By Jeff Weist, Jefferson County Business Lobby | December 7, 2020
Colorado General Assembly wrapped up an unusual special session last week, taking just three days to pass eight bills aimed at providing economic relief amidst the pandemic.
The news of the special session took many by surprise. Here is how we got here. Before Thanksgiving, Governor Polis sent his annual proposed budget to the Legislature. It included $1.3 billion in proposed stimulus and relief funds. After significant cuts made to the State budget earlier in the year, a quickly recovering economy significantly refilled the State’s coffers. While the Governor would like to spend a large part of that unexpected revenue on stimulus and relief, the Legislature always has the final say on the budget.
The Governor and the Democrat legislative leadership, with some bi-partisan support, did agree on roughly $220 million in immediate relief, however. Given doubts about the willingness of Congress to act on a second major round of stimulus funding in the near future, the Governor decided to call the Legislature into a special session to pass that agreed-upon package.
Under the Colorado Constitution, the Legislature is limited to considering the topics contained in the Governor’s call for a special session. The Constitution also requires a minimum of three days to pass a bill through both the House of Representatives and the Senate before sending it to the Governor’s desk for signature.
So, it was an intense three days last week as the Legislature took up eight pre-negotiated bills to address the topics in the Governor’s call.
Of most import to JeffCo’s business community, two bills provided some modest relief to small businesses hardest hit by the State’s occupancy limits. That included:
HB20B-1004 – This bill permits restaurants, brewpubs, bars and other food and alcoholic beverage businesses (see link to the bill for the full list) to deduct up to $70,000 in sales each month from state sales tax remittances (that’s a max of about $2,000) for the four months lasting from November, 2020, to February, 2021.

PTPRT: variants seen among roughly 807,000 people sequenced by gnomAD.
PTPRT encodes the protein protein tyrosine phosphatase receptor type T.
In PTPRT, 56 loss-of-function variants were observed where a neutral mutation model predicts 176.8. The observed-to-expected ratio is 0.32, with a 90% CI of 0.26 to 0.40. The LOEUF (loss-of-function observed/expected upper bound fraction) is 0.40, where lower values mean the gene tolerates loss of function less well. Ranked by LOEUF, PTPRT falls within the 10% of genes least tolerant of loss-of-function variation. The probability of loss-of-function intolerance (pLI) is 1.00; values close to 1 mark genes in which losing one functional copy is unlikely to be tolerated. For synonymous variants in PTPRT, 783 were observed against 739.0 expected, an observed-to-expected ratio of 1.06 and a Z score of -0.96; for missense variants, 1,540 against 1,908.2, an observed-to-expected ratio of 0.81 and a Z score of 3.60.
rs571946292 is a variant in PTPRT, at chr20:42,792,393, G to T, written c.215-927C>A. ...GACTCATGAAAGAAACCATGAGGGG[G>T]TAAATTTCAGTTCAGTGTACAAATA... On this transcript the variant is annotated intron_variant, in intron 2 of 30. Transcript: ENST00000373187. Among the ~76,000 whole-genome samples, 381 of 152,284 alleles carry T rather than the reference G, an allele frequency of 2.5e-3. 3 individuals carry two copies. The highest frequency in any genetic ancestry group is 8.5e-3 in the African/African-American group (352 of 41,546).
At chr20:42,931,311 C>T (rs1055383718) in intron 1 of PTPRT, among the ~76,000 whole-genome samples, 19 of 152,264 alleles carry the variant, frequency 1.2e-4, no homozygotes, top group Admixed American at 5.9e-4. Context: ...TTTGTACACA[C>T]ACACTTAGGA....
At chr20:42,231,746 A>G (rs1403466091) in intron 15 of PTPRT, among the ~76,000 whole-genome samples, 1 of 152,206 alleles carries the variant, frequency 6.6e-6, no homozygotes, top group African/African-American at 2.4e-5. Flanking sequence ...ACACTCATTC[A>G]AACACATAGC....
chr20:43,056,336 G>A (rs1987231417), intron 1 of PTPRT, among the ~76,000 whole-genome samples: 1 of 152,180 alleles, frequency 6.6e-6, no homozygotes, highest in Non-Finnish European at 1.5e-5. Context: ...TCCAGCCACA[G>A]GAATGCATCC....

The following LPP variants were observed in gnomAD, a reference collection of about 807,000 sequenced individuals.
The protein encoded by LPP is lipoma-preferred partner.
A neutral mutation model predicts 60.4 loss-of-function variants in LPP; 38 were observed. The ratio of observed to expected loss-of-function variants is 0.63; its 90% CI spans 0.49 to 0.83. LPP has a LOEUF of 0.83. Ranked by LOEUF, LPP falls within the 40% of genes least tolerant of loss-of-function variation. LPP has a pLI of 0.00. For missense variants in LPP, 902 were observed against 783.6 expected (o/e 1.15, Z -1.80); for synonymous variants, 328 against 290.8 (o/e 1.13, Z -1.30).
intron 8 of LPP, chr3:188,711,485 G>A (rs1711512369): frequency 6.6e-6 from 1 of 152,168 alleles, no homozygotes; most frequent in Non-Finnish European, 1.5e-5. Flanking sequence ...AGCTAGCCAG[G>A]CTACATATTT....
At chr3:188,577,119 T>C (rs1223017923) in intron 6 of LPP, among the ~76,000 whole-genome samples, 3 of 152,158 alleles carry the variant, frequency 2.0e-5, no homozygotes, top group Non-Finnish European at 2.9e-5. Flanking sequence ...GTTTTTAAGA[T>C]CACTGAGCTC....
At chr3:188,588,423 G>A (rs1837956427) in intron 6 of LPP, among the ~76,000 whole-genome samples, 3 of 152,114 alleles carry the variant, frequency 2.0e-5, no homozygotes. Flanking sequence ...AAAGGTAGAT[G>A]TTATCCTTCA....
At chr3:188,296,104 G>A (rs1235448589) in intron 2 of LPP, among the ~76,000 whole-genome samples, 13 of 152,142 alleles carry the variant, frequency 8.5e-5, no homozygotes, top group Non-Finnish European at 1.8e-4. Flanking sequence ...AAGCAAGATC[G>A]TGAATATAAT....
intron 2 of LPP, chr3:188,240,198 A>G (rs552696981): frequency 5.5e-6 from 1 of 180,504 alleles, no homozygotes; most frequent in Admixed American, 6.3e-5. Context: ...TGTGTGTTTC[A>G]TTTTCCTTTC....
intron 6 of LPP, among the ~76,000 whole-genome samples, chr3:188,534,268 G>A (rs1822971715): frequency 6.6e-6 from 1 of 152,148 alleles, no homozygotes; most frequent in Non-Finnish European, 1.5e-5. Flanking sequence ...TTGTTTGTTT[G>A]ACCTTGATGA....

SB20B-001 – Taking a slightly different approach, this bill creates a $37 million one-time grant program to certain businesses to be distributed by counties starting in February. Grants to arts and cultural institutions and minority-owned businesses were also made available.
Grants are only available in counties at the Red Level on the State’s dial framework as of December 31st. Businesses in those counties with less than $2.5 million in receipts can apply for up to $7,000, depending on actual size. See the bill link above for the full list, but eligible types of businesses include restaurants, bars, breweries, wineries, taverns, caterers, movie theaters, gyms and rec centers.
These two bills represent roughly one-half of the $220 million appropriated for relief in the special session.
Other legislation included in the Governor’s call and passed by the Legislature included: child-care support, housing and rental assistance, funding for broadband access for students attending school online, support for food banks, utility bill assistance and funding for the State’s public health response.
While those pre-negotiated, bi-partisan bills were the only ones to pass during the special session, a couple dozen more were introduced, mostly bills from Republican lawmakers with little or no Democrat support. Those included bills to limit the Governor’s authority to declare a public health emergency and to limit how public health orders are issued and enforced. Other unsuccessful Republican bills would have granted limited immunity to businesses against COVID-related lawsuits or delayed the implementation of business mandates enacted earlier in the year.
With the special session now over, the JCBL is turning its attention to setting its priorities for the full 2021 legislative session, which will be dominated again by the State’s response to the pandemic, economic recovery and a very tight state budget. Stay tuned as we keep you up to date as the session convenes in mid-January.
The Jefferson County Business Lobby advocates as the unified voice of 3,000 Jefferson County businesses for public policies that strengthen our business climate. The JCBL is a partnership comprised of the Arvada, Evergreen, Golden, West Metro, Westminster and Wheat Ridge Chambers of Commerce, the Jefferson County Economic Development Corporation, the Applewood and Wheat Ridge Business Associations and the Alameda Connects BID.